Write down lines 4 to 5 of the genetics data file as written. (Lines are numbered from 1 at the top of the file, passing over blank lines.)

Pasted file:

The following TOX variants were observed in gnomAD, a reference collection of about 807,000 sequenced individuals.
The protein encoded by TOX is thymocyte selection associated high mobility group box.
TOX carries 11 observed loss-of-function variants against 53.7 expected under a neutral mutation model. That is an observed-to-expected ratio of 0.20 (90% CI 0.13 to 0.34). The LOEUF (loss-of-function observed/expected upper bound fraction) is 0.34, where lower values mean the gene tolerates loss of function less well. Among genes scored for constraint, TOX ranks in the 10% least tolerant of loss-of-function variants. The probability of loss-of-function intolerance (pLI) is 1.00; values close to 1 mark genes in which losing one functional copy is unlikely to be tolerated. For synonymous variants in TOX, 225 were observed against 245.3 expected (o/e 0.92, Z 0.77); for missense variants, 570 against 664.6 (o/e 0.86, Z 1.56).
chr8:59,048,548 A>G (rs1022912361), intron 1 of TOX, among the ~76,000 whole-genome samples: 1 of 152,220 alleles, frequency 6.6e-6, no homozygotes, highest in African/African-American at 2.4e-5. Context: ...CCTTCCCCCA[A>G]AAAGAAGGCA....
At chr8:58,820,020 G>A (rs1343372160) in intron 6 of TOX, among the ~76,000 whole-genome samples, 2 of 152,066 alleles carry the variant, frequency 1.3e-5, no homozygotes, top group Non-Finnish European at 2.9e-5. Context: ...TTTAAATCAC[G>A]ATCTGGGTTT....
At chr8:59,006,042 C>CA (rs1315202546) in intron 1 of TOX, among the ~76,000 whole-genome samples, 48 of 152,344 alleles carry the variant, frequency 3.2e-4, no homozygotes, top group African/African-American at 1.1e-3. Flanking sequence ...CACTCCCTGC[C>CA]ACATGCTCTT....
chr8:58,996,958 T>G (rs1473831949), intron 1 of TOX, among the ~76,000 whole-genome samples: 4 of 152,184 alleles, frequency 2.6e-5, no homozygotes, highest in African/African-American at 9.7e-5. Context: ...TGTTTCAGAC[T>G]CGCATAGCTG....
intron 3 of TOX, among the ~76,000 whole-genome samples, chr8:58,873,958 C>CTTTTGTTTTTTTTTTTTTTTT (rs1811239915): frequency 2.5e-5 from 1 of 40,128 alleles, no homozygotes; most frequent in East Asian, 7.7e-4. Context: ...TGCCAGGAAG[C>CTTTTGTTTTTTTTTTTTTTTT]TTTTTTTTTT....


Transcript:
chr8:59,048,548 A>G (rs1022912361), intron 1 of TOX, among the ~76,000 whole-genome samples: 1 of 152,220 alleles, frequency 6.6e-6, no homozygotes, highest in African/African-American at 2.4e-5. Context: ...CCTTCCCCCA[A>G]AAAGAAGGCA....
At chr8:58,820,020 G>A (rs1343372160) in intron 6 of TOX, among the ~76,000 whole-genome samples, 2 of 152,066 alleles carry the variant, frequency 1.3e-5, no homozygotes, top group Non-Finnish European at 2.9e-5. Context: ...TTTAAATCAC[G>A]ATCTGGGTTT....